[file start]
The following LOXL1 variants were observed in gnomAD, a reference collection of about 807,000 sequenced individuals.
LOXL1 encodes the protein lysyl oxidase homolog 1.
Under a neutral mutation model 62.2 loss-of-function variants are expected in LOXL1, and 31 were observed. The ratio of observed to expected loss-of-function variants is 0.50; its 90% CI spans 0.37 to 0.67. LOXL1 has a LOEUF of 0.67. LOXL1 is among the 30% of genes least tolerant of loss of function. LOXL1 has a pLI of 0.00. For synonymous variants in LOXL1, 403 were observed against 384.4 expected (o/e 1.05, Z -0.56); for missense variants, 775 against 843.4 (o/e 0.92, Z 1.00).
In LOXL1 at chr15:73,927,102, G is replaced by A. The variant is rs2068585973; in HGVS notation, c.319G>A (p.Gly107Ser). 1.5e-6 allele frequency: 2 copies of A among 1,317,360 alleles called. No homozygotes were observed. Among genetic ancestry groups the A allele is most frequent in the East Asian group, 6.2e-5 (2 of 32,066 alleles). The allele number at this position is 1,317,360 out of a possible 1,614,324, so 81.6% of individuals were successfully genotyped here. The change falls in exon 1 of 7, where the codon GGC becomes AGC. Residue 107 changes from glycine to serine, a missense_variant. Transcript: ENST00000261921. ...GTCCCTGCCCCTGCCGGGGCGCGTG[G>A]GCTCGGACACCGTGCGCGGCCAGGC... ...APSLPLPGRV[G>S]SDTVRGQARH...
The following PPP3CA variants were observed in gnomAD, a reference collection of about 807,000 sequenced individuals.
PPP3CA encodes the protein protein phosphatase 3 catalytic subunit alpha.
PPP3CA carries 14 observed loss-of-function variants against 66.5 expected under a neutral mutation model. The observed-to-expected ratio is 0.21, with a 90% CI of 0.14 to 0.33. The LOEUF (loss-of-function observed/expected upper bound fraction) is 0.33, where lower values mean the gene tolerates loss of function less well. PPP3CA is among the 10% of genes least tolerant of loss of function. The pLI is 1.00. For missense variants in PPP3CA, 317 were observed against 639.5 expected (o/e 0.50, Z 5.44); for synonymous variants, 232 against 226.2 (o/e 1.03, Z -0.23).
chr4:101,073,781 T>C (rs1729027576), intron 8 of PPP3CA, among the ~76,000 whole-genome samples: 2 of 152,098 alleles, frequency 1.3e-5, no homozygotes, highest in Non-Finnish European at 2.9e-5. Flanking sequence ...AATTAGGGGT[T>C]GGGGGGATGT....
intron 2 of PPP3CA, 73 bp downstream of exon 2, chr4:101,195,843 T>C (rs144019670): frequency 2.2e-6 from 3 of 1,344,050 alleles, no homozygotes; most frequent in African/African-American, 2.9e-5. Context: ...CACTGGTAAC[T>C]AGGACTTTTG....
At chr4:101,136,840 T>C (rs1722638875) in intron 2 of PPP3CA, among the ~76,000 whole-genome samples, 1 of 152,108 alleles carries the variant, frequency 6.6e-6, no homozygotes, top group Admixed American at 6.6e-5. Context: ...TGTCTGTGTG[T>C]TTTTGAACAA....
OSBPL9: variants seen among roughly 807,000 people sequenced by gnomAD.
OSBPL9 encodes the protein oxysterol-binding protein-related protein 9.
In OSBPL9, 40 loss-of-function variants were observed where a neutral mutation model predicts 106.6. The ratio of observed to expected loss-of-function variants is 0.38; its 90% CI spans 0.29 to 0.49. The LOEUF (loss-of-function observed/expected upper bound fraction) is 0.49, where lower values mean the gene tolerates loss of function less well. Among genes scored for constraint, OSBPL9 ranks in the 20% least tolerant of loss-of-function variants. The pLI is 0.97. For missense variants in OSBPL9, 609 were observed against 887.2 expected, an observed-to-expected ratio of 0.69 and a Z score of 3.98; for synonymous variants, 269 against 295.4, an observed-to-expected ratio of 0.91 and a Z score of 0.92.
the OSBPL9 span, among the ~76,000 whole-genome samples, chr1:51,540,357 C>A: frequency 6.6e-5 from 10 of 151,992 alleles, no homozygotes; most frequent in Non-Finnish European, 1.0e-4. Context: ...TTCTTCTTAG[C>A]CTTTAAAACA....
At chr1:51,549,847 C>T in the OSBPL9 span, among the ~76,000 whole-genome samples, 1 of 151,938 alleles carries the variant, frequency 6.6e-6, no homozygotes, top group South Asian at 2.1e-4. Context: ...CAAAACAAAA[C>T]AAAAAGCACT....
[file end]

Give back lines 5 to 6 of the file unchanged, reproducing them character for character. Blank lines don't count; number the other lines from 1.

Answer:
The following PPP3CA variants were observed in gnomAD, a reference collection of about 807,000 sequenced individuals.
PPP3CA encodes the protein protein phosphatase 3 catalytic subunit alpha.